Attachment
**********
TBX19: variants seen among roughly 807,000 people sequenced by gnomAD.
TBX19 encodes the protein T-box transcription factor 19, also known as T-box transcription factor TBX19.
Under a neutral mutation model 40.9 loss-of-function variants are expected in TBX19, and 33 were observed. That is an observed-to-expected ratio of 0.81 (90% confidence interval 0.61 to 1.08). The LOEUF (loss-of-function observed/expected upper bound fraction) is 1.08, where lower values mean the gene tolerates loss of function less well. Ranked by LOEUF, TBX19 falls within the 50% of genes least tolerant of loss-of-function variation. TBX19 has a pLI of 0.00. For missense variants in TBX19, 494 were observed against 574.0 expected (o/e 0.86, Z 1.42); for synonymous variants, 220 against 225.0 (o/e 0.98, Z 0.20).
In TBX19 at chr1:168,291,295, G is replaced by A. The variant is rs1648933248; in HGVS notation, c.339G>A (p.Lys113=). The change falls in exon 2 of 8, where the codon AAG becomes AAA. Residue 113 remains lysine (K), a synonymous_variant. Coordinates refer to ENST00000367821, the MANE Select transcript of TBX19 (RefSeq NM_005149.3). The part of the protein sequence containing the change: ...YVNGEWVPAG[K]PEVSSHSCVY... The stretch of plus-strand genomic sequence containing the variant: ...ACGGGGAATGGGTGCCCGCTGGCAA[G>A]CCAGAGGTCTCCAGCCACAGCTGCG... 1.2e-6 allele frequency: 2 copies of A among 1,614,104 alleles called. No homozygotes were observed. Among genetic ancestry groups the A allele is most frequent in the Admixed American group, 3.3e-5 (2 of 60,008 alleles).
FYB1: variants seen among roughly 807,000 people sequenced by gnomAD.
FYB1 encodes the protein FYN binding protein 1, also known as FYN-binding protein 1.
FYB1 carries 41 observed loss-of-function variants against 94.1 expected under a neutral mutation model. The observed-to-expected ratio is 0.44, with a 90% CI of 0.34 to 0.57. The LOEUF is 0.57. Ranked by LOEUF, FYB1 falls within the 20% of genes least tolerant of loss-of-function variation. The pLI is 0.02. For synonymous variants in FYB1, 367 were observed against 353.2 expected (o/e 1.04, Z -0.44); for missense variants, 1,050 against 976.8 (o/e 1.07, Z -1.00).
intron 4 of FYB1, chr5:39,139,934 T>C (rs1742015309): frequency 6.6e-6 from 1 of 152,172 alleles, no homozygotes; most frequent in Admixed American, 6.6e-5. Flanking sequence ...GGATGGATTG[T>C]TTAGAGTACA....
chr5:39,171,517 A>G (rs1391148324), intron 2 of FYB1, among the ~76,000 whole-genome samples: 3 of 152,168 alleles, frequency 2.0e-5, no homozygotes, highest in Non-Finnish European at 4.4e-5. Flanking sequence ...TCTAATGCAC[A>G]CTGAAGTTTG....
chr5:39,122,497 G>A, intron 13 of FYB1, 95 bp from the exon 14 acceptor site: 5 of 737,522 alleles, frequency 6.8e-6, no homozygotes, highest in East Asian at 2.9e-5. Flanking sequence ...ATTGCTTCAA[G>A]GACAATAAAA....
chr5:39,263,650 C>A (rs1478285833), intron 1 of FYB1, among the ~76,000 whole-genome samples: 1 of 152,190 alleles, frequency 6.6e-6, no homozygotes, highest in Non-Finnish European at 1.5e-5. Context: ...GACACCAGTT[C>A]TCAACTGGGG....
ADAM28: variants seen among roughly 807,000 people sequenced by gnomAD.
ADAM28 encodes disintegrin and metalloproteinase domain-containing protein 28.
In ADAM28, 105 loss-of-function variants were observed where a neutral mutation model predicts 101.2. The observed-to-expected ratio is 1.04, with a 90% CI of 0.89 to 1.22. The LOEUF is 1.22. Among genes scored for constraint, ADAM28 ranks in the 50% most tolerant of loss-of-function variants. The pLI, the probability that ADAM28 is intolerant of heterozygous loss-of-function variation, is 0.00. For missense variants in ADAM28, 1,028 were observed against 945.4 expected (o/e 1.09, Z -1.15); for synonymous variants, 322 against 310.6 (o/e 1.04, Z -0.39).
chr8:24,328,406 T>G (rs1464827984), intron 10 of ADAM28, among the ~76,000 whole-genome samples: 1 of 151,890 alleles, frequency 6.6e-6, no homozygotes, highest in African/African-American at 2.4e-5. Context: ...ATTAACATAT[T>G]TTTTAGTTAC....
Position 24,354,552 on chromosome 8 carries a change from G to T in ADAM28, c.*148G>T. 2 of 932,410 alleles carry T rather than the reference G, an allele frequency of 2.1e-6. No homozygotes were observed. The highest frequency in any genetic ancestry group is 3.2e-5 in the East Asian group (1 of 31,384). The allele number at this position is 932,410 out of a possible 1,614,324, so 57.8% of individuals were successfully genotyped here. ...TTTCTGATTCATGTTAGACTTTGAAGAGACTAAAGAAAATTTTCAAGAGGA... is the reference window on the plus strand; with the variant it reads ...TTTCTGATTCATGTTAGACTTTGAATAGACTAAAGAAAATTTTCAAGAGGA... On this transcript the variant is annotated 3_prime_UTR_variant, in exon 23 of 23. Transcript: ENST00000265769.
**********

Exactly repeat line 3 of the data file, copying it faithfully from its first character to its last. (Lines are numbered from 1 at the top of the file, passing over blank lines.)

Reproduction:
Under a neutral mutation model 40.9 loss-of-function variants are expected in TBX19, and 33 were observed. That is an observed-to-expected ratio of 0.81 (90% confidence interval 0.61 to 1.08). The LOEUF (loss-of-function observed/expected upper bound fraction) is 1.08, where lower values mean the gene tolerates loss of function less well. Ranked by LOEUF, TBX19 falls within the 50% of genes least tolerant of loss-of-function variation. TBX19 has a pLI of 0.00. For missense variants in TBX19, 494 were observed against 574.0 expected (o/e 0.86, Z 1.42); for synonymous variants, 220 against 225.0 (o/e 0.98, Z 0.20).